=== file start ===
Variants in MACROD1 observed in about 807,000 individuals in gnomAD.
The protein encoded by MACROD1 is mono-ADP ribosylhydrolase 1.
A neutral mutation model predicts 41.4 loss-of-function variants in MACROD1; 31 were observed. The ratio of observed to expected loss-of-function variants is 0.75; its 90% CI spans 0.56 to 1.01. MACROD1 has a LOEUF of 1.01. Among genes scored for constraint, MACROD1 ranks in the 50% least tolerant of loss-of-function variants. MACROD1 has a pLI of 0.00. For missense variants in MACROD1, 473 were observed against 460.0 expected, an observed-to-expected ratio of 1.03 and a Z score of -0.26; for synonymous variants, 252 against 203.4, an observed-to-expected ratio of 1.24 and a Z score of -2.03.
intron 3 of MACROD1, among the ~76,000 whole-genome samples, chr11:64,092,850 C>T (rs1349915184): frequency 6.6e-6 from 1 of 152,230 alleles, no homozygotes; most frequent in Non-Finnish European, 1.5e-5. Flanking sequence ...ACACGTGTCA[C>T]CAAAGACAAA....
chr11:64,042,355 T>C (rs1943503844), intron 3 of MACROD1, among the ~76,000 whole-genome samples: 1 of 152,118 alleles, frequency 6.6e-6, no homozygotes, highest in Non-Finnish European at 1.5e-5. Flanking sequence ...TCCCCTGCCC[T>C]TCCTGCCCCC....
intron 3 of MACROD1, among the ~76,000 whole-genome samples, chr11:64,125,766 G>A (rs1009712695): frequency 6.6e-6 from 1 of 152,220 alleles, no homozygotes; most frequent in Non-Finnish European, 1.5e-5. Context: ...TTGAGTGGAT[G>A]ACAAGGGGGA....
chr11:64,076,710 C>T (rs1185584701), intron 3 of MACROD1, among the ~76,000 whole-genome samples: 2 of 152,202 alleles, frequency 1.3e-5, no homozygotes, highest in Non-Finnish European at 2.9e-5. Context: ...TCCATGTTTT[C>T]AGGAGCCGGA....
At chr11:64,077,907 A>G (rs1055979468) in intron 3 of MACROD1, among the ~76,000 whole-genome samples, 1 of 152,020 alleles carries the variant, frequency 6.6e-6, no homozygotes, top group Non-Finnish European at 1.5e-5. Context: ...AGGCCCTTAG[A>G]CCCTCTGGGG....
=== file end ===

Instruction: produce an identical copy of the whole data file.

Variants in MACROD1 observed in about 807,000 individuals in gnomAD.
The protein encoded by MACROD1 is mono-ADP ribosylhydrolase 1.
A neutral mutation model predicts 41.4 loss-of-function variants in MACROD1; 31 were observed. The ratio of observed to expected loss-of-function variants is 0.75; its 90% CI spans 0.56 to 1.01. MACROD1 has a LOEUF of 1.01. Among genes scored for constraint, MACROD1 ranks in the 50% least tolerant of loss-of-function variants. MACROD1 has a pLI of 0.00. For missense variants in MACROD1, 473 were observed against 460.0 expected, an observed-to-expected ratio of 1.03 and a Z score of -0.26; for synonymous variants, 252 against 203.4, an observed-to-expected ratio of 1.24 and a Z score of -2.03.
intron 3 of MACROD1, among the ~76,000 whole-genome samples, chr11:64,092,850 C>T (rs1349915184): frequency 6.6e-6 from 1 of 152,230 alleles, no homozygotes; most frequent in Non-Finnish European, 1.5e-5. Flanking sequence ...ACACGTGTCA[C>T]CAAAGACAAA....
chr11:64,042,355 T>C (rs1943503844), intron 3 of MACROD1, among the ~76,000 whole-genome samples: 1 of 152,118 alleles, frequency 6.6e-6, no homozygotes, highest in Non-Finnish European at 1.5e-5. Flanking sequence ...TCCCCTGCCC[T>C]TCCTGCCCCC....
intron 3 of MACROD1, among the ~76,000 whole-genome samples, chr11:64,125,766 G>A (rs1009712695): frequency 6.6e-6 from 1 of 152,220 alleles, no homozygotes; most frequent in Non-Finnish European, 1.5e-5. Context: ...TTGAGTGGAT[G>A]ACAAGGGGGA....
chr11:64,076,710 C>T (rs1185584701), intron 3 of MACROD1, among the ~76,000 whole-genome samples: 2 of 152,202 alleles, frequency 1.3e-5, no homozygotes, highest in Non-Finnish European at 2.9e-5. Context: ...TCCATGTTTT[C>T]AGGAGCCGGA....
At chr11:64,077,907 A>G (rs1055979468) in intron 3 of MACROD1, among the ~76,000 whole-genome samples, 1 of 152,020 alleles carries the variant, frequency 6.6e-6, no homozygotes, top group Non-Finnish European at 1.5e-5. Context: ...AGGCCCTTAG[A>G]CCCTCTGGGG....